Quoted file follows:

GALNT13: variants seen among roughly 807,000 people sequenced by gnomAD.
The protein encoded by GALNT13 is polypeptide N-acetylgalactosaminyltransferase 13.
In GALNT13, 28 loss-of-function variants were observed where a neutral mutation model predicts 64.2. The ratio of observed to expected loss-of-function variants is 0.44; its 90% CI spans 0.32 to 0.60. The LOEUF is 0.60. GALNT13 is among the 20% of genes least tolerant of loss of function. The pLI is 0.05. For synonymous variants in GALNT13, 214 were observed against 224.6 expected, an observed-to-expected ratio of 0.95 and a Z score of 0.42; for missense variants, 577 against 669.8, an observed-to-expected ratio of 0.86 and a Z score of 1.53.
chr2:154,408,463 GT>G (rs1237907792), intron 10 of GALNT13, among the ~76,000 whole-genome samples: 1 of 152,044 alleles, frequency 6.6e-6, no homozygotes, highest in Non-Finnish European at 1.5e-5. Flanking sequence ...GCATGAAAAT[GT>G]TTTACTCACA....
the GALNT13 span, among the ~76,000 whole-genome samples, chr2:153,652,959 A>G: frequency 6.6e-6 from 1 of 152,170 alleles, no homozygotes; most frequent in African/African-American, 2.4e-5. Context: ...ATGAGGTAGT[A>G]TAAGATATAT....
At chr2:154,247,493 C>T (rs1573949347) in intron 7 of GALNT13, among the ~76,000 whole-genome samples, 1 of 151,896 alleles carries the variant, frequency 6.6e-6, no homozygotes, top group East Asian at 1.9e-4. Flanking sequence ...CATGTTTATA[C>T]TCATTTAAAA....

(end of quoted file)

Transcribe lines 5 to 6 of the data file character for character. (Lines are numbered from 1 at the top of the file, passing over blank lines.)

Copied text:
the GALNT13 span, among the ~76,000 whole-genome samples, chr2:153,652,959 A>G: frequency 6.6e-6 from 1 of 152,170 alleles, no homozygotes; most frequent in African/African-American, 2.4e-5. Context: ...ATGAGGTAGT[A>G]TAAGATATAT....
At chr2:154,247,493 C>T (rs1573949347) in intron 7 of GALNT13, among the ~76,000 whole-genome samples, 1 of 151,896 alleles carries the variant, frequency 6.6e-6, no homozygotes, top group East Asian at 1.9e-4. Flanking sequence ...CATGTTTATA[C>T]TCATTTAAAA....